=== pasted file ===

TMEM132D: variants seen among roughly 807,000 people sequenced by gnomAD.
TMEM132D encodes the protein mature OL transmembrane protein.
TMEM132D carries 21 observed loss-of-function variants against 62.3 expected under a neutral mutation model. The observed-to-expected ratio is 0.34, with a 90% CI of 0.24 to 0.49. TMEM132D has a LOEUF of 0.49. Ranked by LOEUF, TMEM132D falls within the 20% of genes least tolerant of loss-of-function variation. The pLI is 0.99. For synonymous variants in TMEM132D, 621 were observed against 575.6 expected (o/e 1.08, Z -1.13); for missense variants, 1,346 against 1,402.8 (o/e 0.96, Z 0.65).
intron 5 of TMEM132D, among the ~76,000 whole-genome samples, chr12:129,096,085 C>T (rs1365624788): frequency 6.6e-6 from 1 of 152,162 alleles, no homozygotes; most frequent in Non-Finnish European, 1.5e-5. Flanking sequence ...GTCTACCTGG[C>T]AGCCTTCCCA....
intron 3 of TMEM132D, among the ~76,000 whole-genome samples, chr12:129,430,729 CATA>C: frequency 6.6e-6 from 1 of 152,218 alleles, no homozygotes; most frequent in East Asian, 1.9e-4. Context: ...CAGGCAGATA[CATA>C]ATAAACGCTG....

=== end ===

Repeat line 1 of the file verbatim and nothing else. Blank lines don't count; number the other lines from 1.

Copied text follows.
TMEM132D: variants seen among roughly 807,000 people sequenced by gnomAD.